Several years ago, the first article I wrote for Guns America was about the VTAC Brokos Battle Belt. In a full tactical scenario, that model is hard to beat. But it does have limitations. The bulk that makes it comfortable with full up armor and the weight of charges and hand grenades are fine for an assault roll, but it is way too much for trying to stash under an Armani jacket. This week, I got a chance to try out its low profile spiritual successor.
High Threat Concealment
- Type: OWB Quick Response System
- Materials: Bolatron
- Concealment Clothing: Jacket; button-up shirt
- Fit: P320 X-Five with Crimson Trace Rail Master Pro
- Features: Blowout kit; 4 pistol mag pouch; 1 rifle mag pouch; 2 interchangeable belts
- MSRP: $395
- Manufacturer: High Threat Concealment
The system we are talking about is the Quick Response Belt from High Threat Concealment ( HTC). High Threat Concealment was founded by former U.S. State Department high-threat security personnel detail members, James Overton and Adam Garrison. HTC is a company founded by veterans, everything about this kit is made for working in hostile environments. They created a lightweight belt that is completely customizable and could be concealed underneath a sport coat or untucked button-down shirt. The idea was to create a belt system that offered enough hardware on tap to deal with grown sized problems, that also didn’t print like you were trying to hide an RPG in your prison purse. In that regard, they have succeeded.
The kit consumers can order has options, lots of them. You can choose a rifle in 5.56 or .308, AR-15, AK-47, sub guns, and a lot of other long guns styles. The mag holders offer flexibility to go rifle heavy or pistol heavy. I opted for pistol heavy, the capacity to carry four spare pistol magazines and one rifle magazine. I chose this because I tend to use redi-mag systems on my rifles, so they start out with two. And rifle magazines are also easy to supplement with a chest rig. The heavy dose of the pistol mags on the belt offers a lot of firepower, in environments, I am more likely to be using a pistol anyway.
The accessory pouch in the back also features lots of options. I picked the small GP pouch, it will hold a blowout kit of the size I generally need. A larger, full blow out kit pouch is also an option, as are radio, cell phone, and handcuff pouches.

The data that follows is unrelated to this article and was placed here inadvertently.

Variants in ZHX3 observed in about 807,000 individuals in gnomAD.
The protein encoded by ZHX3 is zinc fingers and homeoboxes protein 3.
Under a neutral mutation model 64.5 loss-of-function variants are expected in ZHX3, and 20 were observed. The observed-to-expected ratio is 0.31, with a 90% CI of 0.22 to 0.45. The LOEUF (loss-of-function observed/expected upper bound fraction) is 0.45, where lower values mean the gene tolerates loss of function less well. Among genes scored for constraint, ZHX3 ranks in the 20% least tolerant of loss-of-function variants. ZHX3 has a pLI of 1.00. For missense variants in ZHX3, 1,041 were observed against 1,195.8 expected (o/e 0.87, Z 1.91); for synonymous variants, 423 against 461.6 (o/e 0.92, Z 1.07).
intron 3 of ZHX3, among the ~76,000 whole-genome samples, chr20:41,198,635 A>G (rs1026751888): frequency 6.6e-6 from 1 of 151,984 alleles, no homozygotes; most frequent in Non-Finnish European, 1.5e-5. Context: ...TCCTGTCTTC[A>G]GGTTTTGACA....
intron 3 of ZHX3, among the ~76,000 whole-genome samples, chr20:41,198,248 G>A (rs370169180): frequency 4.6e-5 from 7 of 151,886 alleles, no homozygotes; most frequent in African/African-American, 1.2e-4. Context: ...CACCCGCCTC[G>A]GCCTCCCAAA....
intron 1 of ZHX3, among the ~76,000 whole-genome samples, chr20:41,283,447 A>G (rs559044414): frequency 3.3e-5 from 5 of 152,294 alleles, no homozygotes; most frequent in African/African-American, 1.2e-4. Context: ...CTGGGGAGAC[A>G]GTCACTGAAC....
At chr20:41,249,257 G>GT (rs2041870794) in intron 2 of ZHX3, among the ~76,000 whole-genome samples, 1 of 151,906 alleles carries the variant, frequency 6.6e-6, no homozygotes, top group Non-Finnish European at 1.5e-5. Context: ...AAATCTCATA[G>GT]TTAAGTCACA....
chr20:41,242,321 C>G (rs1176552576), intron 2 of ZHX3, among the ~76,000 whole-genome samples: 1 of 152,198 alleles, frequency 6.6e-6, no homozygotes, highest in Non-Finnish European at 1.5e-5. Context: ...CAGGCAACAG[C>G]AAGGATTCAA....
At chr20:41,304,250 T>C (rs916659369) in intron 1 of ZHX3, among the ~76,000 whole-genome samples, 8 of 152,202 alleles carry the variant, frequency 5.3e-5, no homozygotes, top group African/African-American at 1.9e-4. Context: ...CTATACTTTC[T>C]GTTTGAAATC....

The holster is my favorite part. HTC offers more variety than I have seen anywhere else. Stepping away from the standard of only offering a few flashlight options, HTC embraces all models of SureFire, Inforce, & Streamlight. Happily, for me, they also offer the Crimson Trace Rail Master Pro, my current favorite. They hadn’t built a mold for my Sig P320 X-Five and Rail Master Pro, so I had to wait two weeks. That isn’t an industry favor, it’s the standard lead time if you stump them on one. I was more than happy to wait such a short time on a holster built to my preferred setup. Arriving last week, the holster fit was perfect. Enough tension the gun doesn’t fall out if you get froggy, it still allows lighting draws when you need them. One of the major differences between High Threat Concealment and many run-of-the-mill battle belts is that their holster and spare mag holders are not made of Kydex — they’re made of Bolatron. Bolatron is a higher strength thermo-plastic substance that is supposed to be impervious to cracking and heat.
The belt system itself is very well put together. The panels are screwed together at the factory, making them less likely to slide during use. Thought has been put into the hardware, as a quick disassembly shows. Anyone that has used Kydex and screws knows how fast that can rattle apart. HTC puts Locktite on every screw, to keep shenanigans to a minimum. They also use thick rubber washer in construction. This both keeps the Bolatron from cracking if you gorilla the screwdriver, and keeps tension on the bolts if they do start to come loose.
The belt offers two options for securing it. The outer belt is a thick nylon job with a cobra buckle, the standard for quickly donning one. The cobra belt has Velcro on the inside, attaching to one of two inner belts. Option one is a thinly padded micro grip rubber belt, that grabs onto your pants nicely. I used this option for quite a while, and it will hold a lot of weight without dragging you down. Option two is familiar to competitive shooters. This inner belt is outward facing Velcro, that fits through your belt loops. Take off the rubber inner belt from the system, and the outer belt grabs the inner all the way around. As anyone who has shot 3 Gun or USPSA will attest, this is a very comfortable way to carry a lot of bullets. I shot the P320 X-Five through its paces on the range with Federal’s new Train + Protect ammo and I walked away impressed.
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The HTC system is well done in every regard, and worth a look if you are in the market. It could easily be used as a dual purpose competitive and tactical rig, perfect for production or limited class shooting. Even with four 21-round SIG Sauer mags and my full-size sized P320 X-Five, I barely noticed I had it on. Under the bed for in case or on the job for a PSD, this is a great piece of gear.
For more information about High Threat Concealment, click here.
For more information about the SIG Sauer P320 X-Five, click here.
For more information about Federal’s Train + Protect ammo, click here.
For more information about the Crimson Trace Rail Master Pro, click here.
To check out holsters and gun leather on GunsAmerica, click here.